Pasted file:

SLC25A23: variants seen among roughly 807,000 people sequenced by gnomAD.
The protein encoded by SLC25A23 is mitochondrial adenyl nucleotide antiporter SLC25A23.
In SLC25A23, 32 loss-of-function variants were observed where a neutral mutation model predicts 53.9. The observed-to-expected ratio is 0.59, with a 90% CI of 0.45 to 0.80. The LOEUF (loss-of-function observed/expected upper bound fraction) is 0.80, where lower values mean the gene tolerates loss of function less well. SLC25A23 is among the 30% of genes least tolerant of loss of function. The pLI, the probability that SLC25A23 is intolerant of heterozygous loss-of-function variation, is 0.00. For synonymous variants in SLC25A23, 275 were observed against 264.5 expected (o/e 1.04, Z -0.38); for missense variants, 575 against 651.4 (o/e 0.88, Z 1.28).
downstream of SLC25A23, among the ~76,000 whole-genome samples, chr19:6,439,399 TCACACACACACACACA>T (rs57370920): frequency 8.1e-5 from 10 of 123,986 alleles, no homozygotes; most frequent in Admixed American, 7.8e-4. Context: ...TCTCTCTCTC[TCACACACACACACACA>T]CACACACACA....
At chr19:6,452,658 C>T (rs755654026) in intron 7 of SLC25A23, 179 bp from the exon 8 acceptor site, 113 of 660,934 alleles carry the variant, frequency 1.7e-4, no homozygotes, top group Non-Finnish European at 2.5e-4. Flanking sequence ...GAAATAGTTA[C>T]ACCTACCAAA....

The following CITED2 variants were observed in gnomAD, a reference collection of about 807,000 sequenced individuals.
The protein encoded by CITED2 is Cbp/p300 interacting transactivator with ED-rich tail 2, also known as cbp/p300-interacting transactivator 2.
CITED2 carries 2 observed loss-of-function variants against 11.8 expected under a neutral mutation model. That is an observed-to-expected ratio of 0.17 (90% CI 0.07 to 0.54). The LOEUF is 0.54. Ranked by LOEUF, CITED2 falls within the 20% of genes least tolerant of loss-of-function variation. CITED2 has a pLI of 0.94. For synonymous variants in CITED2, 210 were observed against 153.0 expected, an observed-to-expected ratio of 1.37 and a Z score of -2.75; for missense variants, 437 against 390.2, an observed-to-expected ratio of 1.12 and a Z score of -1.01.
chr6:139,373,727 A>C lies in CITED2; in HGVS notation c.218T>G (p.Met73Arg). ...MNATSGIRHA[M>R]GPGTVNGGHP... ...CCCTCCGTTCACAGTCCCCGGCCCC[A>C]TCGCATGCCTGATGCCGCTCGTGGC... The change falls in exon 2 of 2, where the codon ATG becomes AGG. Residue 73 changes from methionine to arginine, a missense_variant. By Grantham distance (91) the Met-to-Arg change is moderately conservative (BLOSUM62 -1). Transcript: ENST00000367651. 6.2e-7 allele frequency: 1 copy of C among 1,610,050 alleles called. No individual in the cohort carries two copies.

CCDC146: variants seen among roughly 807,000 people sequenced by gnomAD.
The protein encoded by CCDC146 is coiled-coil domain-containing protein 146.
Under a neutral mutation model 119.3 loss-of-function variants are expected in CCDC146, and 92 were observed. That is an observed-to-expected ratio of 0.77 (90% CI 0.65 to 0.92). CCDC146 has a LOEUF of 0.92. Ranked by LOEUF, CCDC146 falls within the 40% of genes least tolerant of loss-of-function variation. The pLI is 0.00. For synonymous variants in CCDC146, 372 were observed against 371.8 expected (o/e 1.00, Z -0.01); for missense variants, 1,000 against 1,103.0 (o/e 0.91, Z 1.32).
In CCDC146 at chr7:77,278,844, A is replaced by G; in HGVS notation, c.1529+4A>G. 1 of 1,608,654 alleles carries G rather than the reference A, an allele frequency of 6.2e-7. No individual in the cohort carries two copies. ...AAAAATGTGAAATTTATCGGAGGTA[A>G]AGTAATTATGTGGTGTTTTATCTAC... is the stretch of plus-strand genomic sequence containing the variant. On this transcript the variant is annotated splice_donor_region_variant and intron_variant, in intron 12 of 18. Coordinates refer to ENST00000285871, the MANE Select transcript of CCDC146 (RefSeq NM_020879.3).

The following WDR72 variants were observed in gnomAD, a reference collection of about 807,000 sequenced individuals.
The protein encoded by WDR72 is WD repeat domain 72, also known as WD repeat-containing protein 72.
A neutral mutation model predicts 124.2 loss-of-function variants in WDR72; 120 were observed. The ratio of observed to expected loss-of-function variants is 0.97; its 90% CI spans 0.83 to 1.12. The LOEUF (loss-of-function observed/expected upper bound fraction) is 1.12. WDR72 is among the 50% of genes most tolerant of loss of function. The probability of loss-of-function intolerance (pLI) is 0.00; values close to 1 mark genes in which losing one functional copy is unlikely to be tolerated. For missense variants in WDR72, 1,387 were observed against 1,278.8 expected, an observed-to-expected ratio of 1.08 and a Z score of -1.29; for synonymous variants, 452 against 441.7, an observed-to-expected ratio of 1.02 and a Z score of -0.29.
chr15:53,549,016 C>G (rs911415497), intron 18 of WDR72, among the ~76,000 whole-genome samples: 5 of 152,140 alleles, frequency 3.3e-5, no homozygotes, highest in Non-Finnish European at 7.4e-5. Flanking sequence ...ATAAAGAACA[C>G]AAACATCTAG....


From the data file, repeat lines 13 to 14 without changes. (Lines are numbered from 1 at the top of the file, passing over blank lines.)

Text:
In CCDC146 at chr7:77,278,844, A is replaced by G; in HGVS notation, c.1529+4A>G. 1 of 1,608,654 alleles carries G rather than the reference A, an allele frequency of 6.2e-7. No individual in the cohort carries two copies. ...AAAAATGTGAAATTTATCGGAGGTA[A>G]AGTAATTATGTGGTGTTTTATCTAC... is the stretch of plus-strand genomic sequence containing the variant. On this transcript the variant is annotated splice_donor_region_variant and intron_variant, in intron 12 of 18. Coordinates refer to ENST00000285871, the MANE Select transcript of CCDC146 (RefSeq NM_020879.3).

The following WDR72 variants were observed in gnomAD, a reference collection of about 807,000 sequenced individuals.